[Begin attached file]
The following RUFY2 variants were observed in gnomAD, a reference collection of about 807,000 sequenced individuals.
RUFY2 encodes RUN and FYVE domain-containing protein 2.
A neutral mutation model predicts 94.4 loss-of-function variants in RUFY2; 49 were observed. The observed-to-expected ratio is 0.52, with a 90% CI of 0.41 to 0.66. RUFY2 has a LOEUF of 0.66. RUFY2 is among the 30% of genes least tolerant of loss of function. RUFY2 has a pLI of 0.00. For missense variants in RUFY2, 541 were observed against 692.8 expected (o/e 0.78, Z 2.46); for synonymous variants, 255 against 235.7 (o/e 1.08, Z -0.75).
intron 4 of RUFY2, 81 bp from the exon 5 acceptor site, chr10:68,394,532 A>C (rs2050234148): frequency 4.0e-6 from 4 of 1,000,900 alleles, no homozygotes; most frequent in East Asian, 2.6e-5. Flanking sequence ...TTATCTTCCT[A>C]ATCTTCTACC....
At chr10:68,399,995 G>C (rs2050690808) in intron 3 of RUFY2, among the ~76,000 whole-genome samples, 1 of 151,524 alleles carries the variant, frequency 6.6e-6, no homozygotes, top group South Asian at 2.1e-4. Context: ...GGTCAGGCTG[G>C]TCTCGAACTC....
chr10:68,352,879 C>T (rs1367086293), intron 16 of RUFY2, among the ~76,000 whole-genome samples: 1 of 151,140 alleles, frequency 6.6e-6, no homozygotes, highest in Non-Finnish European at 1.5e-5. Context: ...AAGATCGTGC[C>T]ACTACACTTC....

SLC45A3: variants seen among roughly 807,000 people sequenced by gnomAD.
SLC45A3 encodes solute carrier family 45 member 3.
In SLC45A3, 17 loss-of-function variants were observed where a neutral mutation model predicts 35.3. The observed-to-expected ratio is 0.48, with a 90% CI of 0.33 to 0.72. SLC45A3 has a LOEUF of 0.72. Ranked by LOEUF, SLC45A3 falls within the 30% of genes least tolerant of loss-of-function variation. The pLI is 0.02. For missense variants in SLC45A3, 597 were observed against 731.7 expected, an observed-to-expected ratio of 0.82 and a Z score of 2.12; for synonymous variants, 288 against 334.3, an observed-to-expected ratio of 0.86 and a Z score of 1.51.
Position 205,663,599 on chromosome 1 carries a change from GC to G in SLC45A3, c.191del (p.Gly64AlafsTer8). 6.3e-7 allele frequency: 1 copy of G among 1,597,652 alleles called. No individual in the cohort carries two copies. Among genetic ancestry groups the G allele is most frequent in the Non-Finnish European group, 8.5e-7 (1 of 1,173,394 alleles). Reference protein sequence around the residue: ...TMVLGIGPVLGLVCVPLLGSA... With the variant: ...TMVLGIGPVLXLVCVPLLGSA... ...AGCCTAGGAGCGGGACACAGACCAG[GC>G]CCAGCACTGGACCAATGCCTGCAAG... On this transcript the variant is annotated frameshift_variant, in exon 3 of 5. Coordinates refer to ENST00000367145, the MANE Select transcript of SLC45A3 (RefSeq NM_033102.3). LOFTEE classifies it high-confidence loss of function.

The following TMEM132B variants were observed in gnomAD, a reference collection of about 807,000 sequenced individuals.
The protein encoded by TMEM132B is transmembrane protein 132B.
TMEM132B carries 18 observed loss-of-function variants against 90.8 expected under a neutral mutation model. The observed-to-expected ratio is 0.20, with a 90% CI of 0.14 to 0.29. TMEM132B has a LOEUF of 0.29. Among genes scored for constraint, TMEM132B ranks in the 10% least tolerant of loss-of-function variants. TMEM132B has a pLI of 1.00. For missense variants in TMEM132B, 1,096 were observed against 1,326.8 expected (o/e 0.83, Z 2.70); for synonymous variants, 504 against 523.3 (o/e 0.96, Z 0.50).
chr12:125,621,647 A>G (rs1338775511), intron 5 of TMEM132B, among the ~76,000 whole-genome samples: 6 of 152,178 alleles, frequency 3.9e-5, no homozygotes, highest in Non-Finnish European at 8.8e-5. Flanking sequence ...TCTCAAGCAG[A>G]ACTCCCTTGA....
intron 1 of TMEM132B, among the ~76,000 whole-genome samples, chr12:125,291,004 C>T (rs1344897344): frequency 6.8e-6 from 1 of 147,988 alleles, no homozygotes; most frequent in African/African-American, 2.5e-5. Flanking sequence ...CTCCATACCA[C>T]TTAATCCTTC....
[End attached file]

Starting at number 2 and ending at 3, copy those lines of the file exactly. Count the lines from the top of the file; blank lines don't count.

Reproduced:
RUFY2 encodes RUN and FYVE domain-containing protein 2.
A neutral mutation model predicts 94.4 loss-of-function variants in RUFY2; 49 were observed. The observed-to-expected ratio is 0.52, with a 90% CI of 0.41 to 0.66. RUFY2 has a LOEUF of 0.66. RUFY2 is among the 30% of genes least tolerant of loss of function. RUFY2 has a pLI of 0.00. For missense variants in RUFY2, 541 were observed against 692.8 expected (o/e 0.78, Z 2.46); for synonymous variants, 255 against 235.7 (o/e 1.08, Z -0.75).